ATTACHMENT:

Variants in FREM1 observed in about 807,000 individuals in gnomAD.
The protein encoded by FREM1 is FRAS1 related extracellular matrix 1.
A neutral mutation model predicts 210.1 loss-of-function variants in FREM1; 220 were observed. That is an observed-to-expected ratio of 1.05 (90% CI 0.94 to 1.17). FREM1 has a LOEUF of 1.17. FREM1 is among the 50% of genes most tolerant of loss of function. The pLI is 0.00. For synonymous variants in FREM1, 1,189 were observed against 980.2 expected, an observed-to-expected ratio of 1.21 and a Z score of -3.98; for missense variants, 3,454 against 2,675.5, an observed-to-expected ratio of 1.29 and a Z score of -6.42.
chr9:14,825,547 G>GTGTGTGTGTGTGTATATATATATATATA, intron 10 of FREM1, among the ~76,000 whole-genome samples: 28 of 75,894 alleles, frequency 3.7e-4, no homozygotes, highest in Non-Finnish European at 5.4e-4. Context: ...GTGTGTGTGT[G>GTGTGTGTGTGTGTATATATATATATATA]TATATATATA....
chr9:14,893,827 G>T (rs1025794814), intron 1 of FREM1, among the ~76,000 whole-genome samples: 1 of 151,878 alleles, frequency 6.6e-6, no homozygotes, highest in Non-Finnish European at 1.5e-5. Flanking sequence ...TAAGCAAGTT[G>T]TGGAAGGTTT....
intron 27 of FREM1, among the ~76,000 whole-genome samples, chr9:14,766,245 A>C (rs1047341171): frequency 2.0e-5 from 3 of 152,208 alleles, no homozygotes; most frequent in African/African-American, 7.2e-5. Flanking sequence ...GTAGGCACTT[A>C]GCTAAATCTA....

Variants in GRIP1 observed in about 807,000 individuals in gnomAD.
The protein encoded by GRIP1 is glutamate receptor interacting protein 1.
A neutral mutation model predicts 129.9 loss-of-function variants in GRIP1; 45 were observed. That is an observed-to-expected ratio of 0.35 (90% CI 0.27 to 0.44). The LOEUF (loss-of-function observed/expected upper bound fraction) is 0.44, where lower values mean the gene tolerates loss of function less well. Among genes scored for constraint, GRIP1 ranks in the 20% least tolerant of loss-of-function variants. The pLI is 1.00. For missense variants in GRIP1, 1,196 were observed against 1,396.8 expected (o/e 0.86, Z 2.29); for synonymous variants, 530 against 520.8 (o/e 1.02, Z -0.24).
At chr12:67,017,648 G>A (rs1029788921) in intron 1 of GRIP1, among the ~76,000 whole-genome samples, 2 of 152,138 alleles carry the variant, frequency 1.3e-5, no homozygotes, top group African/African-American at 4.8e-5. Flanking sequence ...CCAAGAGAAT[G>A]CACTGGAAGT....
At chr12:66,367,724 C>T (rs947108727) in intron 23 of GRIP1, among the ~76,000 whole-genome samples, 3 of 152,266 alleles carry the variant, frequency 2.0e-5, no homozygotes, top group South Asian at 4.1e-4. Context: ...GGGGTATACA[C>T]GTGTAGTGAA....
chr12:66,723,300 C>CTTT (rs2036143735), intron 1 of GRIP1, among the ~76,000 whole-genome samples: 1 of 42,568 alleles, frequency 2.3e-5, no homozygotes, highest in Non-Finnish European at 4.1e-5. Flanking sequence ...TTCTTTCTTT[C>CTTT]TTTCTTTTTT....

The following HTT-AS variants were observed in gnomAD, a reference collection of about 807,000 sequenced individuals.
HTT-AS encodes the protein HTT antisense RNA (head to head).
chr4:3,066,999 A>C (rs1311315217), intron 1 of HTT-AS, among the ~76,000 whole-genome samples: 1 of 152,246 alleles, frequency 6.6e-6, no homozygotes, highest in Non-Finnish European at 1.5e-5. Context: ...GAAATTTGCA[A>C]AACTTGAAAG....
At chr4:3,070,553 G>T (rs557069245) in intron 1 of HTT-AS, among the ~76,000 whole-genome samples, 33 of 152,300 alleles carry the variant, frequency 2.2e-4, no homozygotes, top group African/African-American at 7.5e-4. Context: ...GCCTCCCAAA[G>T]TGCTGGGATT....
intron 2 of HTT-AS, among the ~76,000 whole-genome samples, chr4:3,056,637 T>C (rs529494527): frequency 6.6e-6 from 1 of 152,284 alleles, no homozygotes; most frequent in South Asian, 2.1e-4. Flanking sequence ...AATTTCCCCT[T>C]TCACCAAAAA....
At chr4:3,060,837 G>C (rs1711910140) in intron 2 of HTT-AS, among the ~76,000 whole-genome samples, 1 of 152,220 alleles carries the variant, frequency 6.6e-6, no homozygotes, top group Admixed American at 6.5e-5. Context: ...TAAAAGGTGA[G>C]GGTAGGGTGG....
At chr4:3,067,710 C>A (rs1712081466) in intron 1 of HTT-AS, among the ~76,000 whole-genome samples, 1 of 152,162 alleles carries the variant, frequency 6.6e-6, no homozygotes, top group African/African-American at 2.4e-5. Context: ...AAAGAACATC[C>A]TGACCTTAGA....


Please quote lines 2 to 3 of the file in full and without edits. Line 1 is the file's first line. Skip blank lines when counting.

The protein encoded by FREM1 is FRAS1 related extracellular matrix 1.
A neutral mutation model predicts 210.1 loss-of-function variants in FREM1; 220 were observed. That is an observed-to-expected ratio of 1.05 (90% CI 0.94 to 1.17). FREM1 has a LOEUF of 1.17. FREM1 is among the 50% of genes most tolerant of loss of function. The pLI is 0.00. For synonymous variants in FREM1, 1,189 were observed against 980.2 expected, an observed-to-expected ratio of 1.21 and a Z score of -3.98; for missense variants, 3,454 against 2,675.5, an observed-to-expected ratio of 1.29 and a Z score of -6.42.